Through a theoretical and practical exploration of Jungian and post-Jungian concepts surrounding image, this book moves beyond the visual scope of imagery to consider the presence and expression of music and sound, as well as how the psyche encounters expanded images - archetypal, personal or cultural - on both conscious and unconscious levels. By closely examining music in film, Nagari considers music's complementary, enhancing, meaningful, and sometimes disruptive, contribution to expressive images.
Chapters present a Jungian approach to music in film, highlighting how `music-image' functions both independently and in conjunction with the visual image, and suggesting further directions in areas of research including music therapy and autism. Divided into three cumulative parts, Part I explores the Jungian psychological account of the music-image; Part II combines theory with practice in analysing how the auditory image works with the visual to create the `film as a whole' experience; and Part III implements a specific understanding of three individual film cases of different genres, eras and styles as psychologically scrutinised `case histories'.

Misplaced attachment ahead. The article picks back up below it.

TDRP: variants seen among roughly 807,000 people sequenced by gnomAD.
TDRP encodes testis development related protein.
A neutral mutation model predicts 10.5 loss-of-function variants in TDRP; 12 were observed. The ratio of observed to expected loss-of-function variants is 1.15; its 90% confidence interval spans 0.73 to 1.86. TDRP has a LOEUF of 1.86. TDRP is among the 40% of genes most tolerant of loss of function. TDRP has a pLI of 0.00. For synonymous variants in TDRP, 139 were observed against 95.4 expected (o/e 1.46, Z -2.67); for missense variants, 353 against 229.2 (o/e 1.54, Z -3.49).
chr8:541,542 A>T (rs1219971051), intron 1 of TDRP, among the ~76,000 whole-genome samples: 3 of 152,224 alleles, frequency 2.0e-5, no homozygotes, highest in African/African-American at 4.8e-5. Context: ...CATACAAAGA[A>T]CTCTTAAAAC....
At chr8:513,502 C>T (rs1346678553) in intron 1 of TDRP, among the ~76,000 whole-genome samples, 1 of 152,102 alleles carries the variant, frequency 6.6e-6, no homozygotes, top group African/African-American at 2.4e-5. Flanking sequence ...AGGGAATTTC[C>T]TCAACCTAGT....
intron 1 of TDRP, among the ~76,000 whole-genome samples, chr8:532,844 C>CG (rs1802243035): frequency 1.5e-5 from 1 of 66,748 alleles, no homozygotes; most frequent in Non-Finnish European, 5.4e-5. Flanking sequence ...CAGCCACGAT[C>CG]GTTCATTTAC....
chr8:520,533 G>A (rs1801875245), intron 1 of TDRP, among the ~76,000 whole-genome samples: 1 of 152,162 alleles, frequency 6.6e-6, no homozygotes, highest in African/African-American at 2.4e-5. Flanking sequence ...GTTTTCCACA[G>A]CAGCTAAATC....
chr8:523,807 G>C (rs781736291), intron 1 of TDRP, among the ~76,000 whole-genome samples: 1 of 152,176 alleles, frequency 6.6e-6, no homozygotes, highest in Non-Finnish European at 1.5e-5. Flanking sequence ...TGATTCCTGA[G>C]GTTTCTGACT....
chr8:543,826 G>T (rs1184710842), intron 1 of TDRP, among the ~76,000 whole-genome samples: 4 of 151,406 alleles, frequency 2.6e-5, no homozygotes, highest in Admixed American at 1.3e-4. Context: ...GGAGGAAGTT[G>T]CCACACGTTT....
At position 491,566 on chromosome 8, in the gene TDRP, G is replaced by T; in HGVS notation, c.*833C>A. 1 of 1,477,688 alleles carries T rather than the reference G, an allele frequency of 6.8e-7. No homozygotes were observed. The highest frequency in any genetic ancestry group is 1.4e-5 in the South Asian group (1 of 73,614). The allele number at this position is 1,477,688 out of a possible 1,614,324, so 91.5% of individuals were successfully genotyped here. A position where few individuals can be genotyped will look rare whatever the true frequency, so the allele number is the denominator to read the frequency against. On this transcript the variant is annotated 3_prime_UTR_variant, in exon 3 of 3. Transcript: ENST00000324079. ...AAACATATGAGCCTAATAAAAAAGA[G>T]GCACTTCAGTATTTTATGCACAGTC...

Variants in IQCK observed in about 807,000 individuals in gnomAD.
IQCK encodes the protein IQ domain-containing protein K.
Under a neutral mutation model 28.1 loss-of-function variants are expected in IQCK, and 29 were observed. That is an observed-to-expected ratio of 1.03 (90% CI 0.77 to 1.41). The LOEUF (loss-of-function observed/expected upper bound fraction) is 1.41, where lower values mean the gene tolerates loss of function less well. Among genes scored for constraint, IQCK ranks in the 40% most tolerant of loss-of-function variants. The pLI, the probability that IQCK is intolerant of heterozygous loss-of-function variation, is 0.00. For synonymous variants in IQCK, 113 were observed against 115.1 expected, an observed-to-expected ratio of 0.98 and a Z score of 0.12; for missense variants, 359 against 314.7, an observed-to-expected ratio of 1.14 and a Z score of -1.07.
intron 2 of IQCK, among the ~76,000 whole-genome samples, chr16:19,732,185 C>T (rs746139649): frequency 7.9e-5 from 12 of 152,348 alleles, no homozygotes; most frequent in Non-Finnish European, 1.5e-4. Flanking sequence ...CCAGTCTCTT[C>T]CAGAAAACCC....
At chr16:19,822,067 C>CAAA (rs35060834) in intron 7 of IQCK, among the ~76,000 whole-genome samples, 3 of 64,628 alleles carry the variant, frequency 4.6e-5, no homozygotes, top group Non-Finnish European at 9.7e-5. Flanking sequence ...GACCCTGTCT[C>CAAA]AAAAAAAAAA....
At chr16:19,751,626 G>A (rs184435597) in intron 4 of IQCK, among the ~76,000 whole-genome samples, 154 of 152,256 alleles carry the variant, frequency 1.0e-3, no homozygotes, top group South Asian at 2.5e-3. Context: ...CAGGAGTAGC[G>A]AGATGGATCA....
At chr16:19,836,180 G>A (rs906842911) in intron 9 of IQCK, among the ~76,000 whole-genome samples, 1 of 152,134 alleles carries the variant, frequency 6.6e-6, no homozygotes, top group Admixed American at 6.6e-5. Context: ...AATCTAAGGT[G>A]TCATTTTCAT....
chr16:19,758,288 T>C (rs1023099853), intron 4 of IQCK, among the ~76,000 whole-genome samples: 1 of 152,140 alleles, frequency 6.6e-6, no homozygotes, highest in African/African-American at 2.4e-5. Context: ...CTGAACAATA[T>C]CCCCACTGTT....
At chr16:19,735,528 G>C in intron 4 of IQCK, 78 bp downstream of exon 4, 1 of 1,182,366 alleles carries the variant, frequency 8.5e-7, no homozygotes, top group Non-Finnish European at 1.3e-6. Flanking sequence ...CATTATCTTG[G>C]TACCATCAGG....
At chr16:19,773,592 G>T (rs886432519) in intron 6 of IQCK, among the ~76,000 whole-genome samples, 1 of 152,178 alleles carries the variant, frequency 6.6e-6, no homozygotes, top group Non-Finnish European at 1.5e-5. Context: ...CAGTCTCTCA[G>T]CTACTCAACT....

Music as Image will be of interest to academics and students in the fields of applied psychoanalysis and Jungian psychology, music, film and cultural studies. With implications for music therapy and other art-based therapies, it will also be relevant for practising psychotherapists.
Benjamin Nagari gained a PhD in Jungian and Post-Jungian Studies from the University of Westminster, UK. He is also a prolific musician and composer; having started in Pop and Rock music he went on to composing for stage, radio and television, followed by film scores and concert music (symphonic, chamber, vocal and choral).